Patients with FOXG1-related disorders have severe intellectual disability, absent speech, autistic features, and epilepsy.
Children with deletions or intragenic mutations of FOXG1 also have postnatal microcephaly and structural corpus callosum abnormalities.
Seltzer et al. reported on the epilepsy characteristics and developmental outcome of 30 patients with FOXG1 mutations (23 with deletions or intragenic mutations of FOXG1, and 7 subjects with duplications).
Epilepsy was diagnosed in 87% of the patients. Patients with duplications had earlier mean age for epilepsy but most of them did not require long-term antiepileptic medication. All children with infantile spasms and FOXG1 duplication responded to hormonal therapy and only one required long-term antiepileptic therapy.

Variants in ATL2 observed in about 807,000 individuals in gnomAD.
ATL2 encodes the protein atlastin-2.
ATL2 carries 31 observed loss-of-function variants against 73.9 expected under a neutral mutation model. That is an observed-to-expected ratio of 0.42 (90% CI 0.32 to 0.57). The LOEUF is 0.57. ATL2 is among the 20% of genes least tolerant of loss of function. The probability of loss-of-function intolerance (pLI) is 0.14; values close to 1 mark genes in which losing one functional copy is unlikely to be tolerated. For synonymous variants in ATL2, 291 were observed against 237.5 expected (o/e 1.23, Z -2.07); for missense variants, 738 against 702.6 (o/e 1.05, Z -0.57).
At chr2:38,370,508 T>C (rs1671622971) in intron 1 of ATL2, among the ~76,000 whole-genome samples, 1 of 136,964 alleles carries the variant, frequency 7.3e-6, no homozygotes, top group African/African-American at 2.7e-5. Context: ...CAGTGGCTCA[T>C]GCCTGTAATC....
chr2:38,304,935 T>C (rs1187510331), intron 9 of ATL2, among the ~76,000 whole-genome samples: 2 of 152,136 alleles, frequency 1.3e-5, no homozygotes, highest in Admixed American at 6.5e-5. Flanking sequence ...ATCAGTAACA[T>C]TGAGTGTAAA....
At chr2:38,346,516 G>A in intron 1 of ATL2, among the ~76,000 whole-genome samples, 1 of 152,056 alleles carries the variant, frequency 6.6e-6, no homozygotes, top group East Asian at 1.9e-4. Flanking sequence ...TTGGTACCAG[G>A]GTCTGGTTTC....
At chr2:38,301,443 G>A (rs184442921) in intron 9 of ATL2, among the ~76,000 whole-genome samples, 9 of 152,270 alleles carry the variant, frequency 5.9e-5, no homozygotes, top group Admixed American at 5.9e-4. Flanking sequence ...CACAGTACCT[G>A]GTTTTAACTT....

All patients had neurodevelopmental disabilities after 3 years of age, regardless of the epilepsy type or severity of seizures. All had impaired speech and social skills (3 patients with FOXG1 duplication had autism). The motor skills of subjects with deletion/intragenic mutations were significantly more affected.
Epilepsy and outcome in FOXG1-related disorders. Seltzer LE, Ma M, Ahmed S, Bertrand M, Dobyns WB, Wheless J, Paciorkowski AR. Epilepsia. 2014 Aug;55(8):1292-300.
Posted by Yannis Trakadis, MD